LAW 7067 - International Criminal Law (PG)

North Terrace Campus - Semester 1 - 2019

This course examines the general principles of international criminal law as well as the fundamentals of international criminal procedure, providing a practical and theoretical framework for the rules, concepts and legal constructs key to the subject.

  • General Course Information
    Course Details
    Course Code LAW 7067
    Course International Criminal Law (PG)
    Coordinating Unit Adelaide Law School
    Term Semester 1
    Level Postgraduate Coursework
    Location/s North Terrace Campus
    Units 3
    Contact Intensive
    Available for Study Abroad and Exchange Y
    Prerequisites Students without a Bachelor of Laws must have completed LAW 7177
    Course Description This course examines the general principles of international criminal law as well as the fundamentals of international criminal procedure, providing a practical and theoretical framework for the rules, concepts and legal constructs key to the subject.
    Course Staff

    Course Coordinator: Cassandra Steer

    For enrolment enquiries please email

    Associate Professor Dale Stephens CSM (Course Coordinator)

    Room 2.17, Ligertwood Building
    Phone: 08 8313 5937

    Dr Cassandra Steer (Course lecturer)

    Course Timetable

    The full timetable of all activities for this course can be accessed from Course Planner.

  • Learning Outcomes
    Course Learning Outcomes
    International Criminal Law deals with individual criminal liability for war crimes, crimes against humanity, genocide or aggression.  It also deals with jurisdictional issues of prosecuting these crimes in international tribunals, procedural rights of the accused, and sometimes rights of victims.

    On successful completion of this course, students will be able to:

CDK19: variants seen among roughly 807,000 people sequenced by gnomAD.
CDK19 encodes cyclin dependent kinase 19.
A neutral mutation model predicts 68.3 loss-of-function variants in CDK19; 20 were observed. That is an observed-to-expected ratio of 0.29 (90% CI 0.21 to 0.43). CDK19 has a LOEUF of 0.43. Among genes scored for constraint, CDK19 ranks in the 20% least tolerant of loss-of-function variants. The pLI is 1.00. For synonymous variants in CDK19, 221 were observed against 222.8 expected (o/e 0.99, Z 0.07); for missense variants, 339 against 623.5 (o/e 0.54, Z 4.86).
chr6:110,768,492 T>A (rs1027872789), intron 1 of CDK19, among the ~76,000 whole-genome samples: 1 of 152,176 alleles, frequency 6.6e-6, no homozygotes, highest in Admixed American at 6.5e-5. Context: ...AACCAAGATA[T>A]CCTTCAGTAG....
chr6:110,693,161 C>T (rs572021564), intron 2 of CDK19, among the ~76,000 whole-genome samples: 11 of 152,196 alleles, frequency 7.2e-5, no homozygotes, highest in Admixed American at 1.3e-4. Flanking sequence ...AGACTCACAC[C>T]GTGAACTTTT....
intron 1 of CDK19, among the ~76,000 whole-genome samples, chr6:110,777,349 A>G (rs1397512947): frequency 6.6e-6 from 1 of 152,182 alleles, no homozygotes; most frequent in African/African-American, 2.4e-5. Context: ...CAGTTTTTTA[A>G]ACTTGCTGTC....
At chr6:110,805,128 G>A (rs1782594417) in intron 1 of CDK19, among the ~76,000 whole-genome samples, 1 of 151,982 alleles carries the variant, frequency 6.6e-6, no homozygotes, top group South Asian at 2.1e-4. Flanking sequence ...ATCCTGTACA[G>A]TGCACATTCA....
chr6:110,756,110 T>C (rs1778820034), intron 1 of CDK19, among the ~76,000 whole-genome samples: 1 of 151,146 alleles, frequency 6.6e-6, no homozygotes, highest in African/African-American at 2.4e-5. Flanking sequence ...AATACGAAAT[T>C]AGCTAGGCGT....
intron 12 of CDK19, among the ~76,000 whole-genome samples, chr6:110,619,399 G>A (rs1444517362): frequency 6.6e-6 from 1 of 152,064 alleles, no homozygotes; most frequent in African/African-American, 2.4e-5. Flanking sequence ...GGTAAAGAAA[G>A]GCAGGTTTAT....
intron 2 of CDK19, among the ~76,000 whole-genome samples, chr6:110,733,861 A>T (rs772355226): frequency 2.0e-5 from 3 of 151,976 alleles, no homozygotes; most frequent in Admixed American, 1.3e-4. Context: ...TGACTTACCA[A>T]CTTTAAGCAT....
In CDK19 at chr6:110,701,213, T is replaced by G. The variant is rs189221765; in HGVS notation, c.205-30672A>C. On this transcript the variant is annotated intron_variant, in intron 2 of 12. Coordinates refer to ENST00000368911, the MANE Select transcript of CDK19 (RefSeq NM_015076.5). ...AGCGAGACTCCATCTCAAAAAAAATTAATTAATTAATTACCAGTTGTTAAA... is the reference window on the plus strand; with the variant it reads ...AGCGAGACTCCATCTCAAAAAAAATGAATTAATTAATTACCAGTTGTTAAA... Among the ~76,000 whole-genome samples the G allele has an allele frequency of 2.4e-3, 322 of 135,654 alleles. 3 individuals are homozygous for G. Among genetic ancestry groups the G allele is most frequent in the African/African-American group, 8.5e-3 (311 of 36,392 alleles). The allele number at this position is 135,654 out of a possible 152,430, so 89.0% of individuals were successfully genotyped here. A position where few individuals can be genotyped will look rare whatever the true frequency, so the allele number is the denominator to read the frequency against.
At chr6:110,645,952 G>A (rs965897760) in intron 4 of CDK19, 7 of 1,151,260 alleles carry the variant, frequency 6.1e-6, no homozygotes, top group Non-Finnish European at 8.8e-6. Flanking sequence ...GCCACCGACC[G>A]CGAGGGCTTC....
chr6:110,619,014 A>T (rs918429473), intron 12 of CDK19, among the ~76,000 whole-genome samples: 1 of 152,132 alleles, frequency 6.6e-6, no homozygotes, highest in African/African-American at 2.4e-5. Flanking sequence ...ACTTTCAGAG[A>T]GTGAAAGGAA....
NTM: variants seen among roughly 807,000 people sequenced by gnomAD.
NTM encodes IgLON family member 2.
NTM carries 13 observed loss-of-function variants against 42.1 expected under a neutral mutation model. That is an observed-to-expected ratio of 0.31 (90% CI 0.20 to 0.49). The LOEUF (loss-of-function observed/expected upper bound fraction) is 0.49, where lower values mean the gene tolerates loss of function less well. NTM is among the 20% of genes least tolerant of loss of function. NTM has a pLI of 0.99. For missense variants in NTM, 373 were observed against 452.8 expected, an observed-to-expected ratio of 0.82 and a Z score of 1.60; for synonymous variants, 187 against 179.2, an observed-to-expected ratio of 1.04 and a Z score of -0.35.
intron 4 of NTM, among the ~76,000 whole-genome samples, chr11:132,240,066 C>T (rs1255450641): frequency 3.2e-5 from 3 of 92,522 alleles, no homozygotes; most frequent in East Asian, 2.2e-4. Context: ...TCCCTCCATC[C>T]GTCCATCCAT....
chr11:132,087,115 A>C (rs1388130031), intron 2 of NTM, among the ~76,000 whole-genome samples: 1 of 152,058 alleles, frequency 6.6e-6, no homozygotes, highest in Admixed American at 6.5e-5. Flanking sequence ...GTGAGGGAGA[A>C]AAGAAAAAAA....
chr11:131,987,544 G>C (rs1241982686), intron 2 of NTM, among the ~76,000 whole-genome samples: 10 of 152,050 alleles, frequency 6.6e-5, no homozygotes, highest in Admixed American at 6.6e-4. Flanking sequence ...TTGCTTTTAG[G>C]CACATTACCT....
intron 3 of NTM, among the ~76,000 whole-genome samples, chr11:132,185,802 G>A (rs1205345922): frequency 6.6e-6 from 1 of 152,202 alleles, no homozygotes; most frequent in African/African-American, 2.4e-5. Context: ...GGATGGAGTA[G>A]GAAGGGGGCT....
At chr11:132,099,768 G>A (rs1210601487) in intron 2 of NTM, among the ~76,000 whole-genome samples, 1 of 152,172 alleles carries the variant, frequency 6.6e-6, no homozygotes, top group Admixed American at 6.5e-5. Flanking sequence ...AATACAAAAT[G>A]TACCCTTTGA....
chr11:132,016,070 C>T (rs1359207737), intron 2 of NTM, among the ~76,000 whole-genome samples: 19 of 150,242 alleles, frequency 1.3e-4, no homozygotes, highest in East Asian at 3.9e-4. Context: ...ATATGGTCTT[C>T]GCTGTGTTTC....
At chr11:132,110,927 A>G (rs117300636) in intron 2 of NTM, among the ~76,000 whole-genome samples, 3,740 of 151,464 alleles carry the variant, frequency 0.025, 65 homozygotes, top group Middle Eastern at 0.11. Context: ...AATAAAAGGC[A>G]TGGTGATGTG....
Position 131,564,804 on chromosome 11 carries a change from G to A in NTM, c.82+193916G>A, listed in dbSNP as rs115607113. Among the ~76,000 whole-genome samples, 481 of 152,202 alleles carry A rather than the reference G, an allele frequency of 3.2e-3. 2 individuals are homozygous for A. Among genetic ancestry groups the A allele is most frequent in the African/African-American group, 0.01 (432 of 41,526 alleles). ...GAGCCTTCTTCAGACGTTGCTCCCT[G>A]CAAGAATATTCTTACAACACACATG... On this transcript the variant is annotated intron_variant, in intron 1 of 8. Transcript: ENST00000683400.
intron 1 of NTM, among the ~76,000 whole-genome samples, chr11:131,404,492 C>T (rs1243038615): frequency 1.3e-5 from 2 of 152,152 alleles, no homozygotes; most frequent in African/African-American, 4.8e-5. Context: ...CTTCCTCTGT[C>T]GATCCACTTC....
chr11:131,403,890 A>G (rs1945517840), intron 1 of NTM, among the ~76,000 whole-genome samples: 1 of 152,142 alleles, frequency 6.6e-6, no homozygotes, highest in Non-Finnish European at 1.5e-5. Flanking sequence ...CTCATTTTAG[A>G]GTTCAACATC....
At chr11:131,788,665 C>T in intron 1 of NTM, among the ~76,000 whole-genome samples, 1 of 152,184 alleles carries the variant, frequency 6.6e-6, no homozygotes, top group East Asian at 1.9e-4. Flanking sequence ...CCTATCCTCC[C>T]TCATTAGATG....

1.  critique domestic and international responses to mass atrocity crimes throughout history;

    2. explain the differences between elements of the common law traditions and elements of the civil law tradition in the substantive and procedural aspects of International Criminal Law;   

    3.  identify and then apply to fact patterns the elements of the core crimes recognised under International Criminal Law, with particular reference to War Crimes;

    4.  solve the question of liability for different fact patterns by applying the main modes of liability for collective crimes; 

    5.  critically analyse the tension between the rights of victims, the rights of defendants and the multiple aspirations of the international criminal justice system;

    6. develop and apply effective skills, both orally and in writing, in the construction of legal argument and analysis on various issues of International Criminal Law.
    University Graduate Attributes

    This course will provide students with an opportunity to develop the Graduate Attribute(s) specified below:

    University Graduate Attribute Course Learning Outcome(s)
    Deep discipline knowledge
    • informed and infused by cutting edge research, scaffolded throughout their program of studies
    • acquired from personal interaction with research active educators, from year 1
    • accredited or validated against national or international standards (for relevant programs)
    Critical thinking and problem solving
    • steeped in research methods and rigor
    • based on empirical evidence and the scientific approach to knowledge development
    • demonstrated through appropriate and relevant assessment
    Teamwork and communication skills
    • developed from, with, and via the SGDE
    • honed through assessment and practice throughout the program of studies
    • encouraged and valued in all aspects of learning
    Career and leadership readiness
    • technology savvy
    • professional and, where relevant, fully accredited
    • forward thinking and well informed
    • tested and validated by work based experiences
    Intercultural and ethical competency
    • adept at operating in other cultures
    • comfortable with different nationalities and social contexts
    • able to determine and contribute to desirable social outcomes
    • demonstrated by study abroad or with an understanding of indigenous knowledges
    Self-awareness and emotional intelligence
    • a capacity for self-reflection and a willingness to engage in self-appraisal